The North American International Auto Show held in Detroit this past January was an especially exciting one, with more than 750 vehicles on display, including 61 new introductions. Body styles ranged from retro to futuristic, while colors ran the gamut from traditional solid shades to exotic hues with highly attractive special effects, such as color travel. In fact, the new paint finishes were among the special delights for the record-setting 810,000 attendees. As the visitors roamed through the exhibits examining the vehicles, many noted the pleasing array of colors, and a frequently asked question was, “How were they developed?” The answer to that is an interesting story that begins years before the actual production of the vehicles. Let’s follow the case history of one such new color, GM’s “Arrival Blue,” which is based on a special blue-colored aluminum pigment, FIREFLAKE D-551BL, and is currently available for 2003 cars and trucks.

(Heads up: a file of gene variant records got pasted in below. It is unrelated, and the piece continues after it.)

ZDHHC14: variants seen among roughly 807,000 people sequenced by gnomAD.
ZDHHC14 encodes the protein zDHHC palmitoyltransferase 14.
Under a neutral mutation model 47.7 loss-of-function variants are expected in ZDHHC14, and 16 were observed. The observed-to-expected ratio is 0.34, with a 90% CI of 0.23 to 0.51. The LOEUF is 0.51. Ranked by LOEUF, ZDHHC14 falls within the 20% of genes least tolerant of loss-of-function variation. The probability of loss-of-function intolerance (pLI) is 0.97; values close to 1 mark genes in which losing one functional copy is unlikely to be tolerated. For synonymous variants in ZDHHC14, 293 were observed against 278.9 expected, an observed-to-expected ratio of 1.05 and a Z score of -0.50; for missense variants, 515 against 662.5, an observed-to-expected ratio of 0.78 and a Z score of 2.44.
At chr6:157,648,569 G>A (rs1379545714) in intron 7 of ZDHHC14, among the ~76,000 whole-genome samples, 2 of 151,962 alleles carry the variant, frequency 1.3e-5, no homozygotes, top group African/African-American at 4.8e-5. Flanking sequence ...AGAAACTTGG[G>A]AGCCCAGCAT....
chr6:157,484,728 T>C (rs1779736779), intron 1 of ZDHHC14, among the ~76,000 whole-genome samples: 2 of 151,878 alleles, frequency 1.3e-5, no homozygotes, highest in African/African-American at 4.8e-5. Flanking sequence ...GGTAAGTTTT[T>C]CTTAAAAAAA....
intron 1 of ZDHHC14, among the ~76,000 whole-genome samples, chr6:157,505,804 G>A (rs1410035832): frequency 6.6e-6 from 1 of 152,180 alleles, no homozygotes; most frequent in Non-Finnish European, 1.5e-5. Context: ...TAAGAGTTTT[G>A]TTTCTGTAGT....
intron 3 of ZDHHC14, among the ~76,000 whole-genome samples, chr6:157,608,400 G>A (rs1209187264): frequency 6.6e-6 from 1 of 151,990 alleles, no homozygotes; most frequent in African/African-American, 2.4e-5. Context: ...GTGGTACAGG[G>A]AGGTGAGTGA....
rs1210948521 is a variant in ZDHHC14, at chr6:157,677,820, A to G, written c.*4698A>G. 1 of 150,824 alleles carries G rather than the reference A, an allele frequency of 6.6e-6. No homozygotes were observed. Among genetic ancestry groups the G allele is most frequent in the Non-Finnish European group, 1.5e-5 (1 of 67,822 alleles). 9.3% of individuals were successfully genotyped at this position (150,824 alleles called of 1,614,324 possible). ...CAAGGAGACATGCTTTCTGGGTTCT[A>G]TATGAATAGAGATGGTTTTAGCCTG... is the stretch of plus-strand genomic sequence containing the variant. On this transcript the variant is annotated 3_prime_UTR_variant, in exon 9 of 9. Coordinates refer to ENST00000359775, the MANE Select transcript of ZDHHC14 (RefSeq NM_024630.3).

New Effect Pigments

This new color makes use of the blue-colored aluminum pigment, FIREFLAKE D-551BL. It is one color in a new class of pigments, developed during the last decade by Showa Aluminum Powder of Japan, and introduced to the major automotive paint suppliers in the United States by U.S. Aluminum Inc. These unique FIREFLAKE pigments are produced by means of a patented process in which the colorant is bonded to the aluminum particle surface to produce a single pigment flake. In the final stage of the process, the colorant is sealed to the FIREFLAKE colored aluminum flake with a crosslinked acrylic polymer (see sidebar).

"Effect pigments are becoming increasingly popular in many different markets,” says Marilyn White, executive director of The Mix, a color forecasting company. “Consumers want colors that are novel, bright and reflect their independence.” She noted that two automotive OEMs have highly chromatic bright blues based on FIREFLAKE in their 2003 color palettes.

Colored Aluminum Production